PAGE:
Transthoracic echocardiography examinations were performed using the Philips CX50 System (Philips Medical Systems) equipped with S3 probes (2–4 MHz). Stored images were analysed offline by an echocardiographic technician blinded to the clinical data. Three readings were obtained for each echocardiographic variable and averaged over three consecutive cardiac cycles. Chamber quantification and function were assessed based on the most recent 2015 ASE/EACVI recommendations.15 Mitral inflow velocities (E-wave and A-wave), E/A ratio, deceleration time (DT), tissue Doppler imaging septal and lateral e’ and a’ diastolic peak velocities, E/e’ ratio and tricuspid regurgitation (TR) peak velocity were obtained for diastolic function assessment.
Classification of DF
Both 2009 ASE/European Association of Echocardiography (EAE; now the EACVI) and 2016 ASE/EACVI recommendations were applied to determine LV DF and grades.6,11 According to the 2009 ASE/EAE recommendations, the determination of DF consisted of two steps. The first step started with the septal and lateral e’ velocities and the indexed left atrial (LA) volume.6 Two of three measures exceeding the cut-off value suggested were required to proceed to the subsequent step in grading of DD. The second step involved the assessment of E/A ratio, DT, and average E/e’ ratio. At least two positive measures were required to attribute the DD grade. DF was considered indeterminate it was not possible to grade DD due to discrepancies in measurements between these parameters.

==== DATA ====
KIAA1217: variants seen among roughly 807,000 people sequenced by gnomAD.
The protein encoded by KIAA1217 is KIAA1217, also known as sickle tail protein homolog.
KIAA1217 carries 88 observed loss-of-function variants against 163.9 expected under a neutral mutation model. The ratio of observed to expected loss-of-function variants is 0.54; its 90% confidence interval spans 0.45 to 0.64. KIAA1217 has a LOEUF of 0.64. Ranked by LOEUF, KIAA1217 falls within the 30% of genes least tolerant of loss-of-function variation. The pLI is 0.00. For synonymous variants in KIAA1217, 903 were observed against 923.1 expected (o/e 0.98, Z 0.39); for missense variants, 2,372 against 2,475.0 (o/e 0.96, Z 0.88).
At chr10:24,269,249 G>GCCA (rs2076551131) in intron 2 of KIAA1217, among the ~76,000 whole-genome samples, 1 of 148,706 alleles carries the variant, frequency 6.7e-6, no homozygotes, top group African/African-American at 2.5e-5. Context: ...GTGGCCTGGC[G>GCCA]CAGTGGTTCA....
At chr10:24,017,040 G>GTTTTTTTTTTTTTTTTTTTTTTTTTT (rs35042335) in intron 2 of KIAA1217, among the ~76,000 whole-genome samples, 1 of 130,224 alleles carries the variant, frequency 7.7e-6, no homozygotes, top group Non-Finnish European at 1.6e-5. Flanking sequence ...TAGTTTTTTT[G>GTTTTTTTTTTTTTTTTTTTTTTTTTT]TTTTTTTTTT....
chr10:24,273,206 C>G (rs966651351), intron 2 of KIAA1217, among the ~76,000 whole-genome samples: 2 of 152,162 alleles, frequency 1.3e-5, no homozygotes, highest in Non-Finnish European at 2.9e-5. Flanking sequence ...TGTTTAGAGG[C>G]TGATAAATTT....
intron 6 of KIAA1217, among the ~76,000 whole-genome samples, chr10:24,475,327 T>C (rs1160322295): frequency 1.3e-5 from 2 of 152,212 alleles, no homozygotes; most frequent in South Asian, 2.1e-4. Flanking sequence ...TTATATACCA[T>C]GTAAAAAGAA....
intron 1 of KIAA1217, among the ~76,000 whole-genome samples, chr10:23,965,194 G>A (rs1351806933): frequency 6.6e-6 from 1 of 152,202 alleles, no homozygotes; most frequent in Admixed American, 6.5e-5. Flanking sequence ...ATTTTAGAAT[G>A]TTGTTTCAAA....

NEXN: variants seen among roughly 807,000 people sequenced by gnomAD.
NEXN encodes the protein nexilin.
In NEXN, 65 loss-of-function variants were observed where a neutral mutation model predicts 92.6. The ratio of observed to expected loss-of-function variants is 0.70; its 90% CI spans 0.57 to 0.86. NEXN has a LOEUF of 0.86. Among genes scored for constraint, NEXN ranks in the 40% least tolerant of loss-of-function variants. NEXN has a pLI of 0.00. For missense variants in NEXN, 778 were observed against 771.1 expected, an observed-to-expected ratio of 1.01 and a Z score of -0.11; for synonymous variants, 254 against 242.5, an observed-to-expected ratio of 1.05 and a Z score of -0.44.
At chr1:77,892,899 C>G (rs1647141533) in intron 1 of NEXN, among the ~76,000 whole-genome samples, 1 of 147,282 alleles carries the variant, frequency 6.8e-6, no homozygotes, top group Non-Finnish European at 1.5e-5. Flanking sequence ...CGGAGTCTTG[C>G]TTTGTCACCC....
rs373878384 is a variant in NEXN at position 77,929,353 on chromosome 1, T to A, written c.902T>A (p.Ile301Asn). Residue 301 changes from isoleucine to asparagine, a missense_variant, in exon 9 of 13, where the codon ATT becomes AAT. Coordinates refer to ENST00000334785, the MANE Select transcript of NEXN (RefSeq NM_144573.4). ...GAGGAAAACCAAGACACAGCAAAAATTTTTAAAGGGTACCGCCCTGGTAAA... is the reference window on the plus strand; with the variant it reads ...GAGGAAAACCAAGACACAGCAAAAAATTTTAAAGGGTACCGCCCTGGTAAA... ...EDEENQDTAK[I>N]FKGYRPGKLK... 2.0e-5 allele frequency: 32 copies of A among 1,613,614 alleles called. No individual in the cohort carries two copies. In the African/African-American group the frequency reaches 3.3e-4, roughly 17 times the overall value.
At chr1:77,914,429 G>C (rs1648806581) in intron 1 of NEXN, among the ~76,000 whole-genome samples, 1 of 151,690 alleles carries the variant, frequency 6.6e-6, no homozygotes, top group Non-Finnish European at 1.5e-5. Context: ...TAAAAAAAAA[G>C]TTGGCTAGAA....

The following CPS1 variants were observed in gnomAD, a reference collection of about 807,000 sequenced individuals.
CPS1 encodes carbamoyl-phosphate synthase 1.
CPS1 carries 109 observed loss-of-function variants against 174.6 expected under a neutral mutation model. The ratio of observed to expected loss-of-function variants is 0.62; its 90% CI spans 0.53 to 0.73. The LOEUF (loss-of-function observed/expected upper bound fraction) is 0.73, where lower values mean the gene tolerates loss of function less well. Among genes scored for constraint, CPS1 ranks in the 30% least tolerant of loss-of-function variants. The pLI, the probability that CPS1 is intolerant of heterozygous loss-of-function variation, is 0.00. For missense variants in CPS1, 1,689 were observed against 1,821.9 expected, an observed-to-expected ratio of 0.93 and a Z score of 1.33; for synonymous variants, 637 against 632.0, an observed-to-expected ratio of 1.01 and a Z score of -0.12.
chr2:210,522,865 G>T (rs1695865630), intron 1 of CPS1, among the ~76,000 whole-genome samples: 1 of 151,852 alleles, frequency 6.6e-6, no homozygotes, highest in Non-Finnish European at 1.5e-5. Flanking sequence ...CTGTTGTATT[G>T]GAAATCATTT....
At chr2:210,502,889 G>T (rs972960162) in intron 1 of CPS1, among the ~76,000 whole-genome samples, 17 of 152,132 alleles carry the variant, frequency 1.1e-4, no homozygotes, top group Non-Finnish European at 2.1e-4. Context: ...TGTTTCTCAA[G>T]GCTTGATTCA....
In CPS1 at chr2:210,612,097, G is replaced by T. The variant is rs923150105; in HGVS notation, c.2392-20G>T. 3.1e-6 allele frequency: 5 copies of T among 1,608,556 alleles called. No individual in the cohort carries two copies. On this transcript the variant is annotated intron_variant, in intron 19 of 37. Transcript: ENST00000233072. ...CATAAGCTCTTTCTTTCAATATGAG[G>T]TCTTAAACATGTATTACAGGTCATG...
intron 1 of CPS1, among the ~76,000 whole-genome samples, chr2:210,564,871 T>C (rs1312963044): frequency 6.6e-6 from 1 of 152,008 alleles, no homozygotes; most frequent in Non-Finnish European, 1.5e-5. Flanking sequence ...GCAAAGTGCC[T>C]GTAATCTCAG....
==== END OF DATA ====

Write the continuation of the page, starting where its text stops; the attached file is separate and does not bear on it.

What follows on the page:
In the 2016 ASE/EACVI recommendations, DF was evaluated using four variables: septal or lateral e’ velocity, indexed LA volume, average E/e’ ratio, and TR peak velocity.11 Based on the measurements obtained from all four variables suggested in 2016 recommendations, participants were classified as having normal DF (less than two of four positive criteria), DD (more than two of four positive criteria), or indeterminate DF (two of four positive criteria).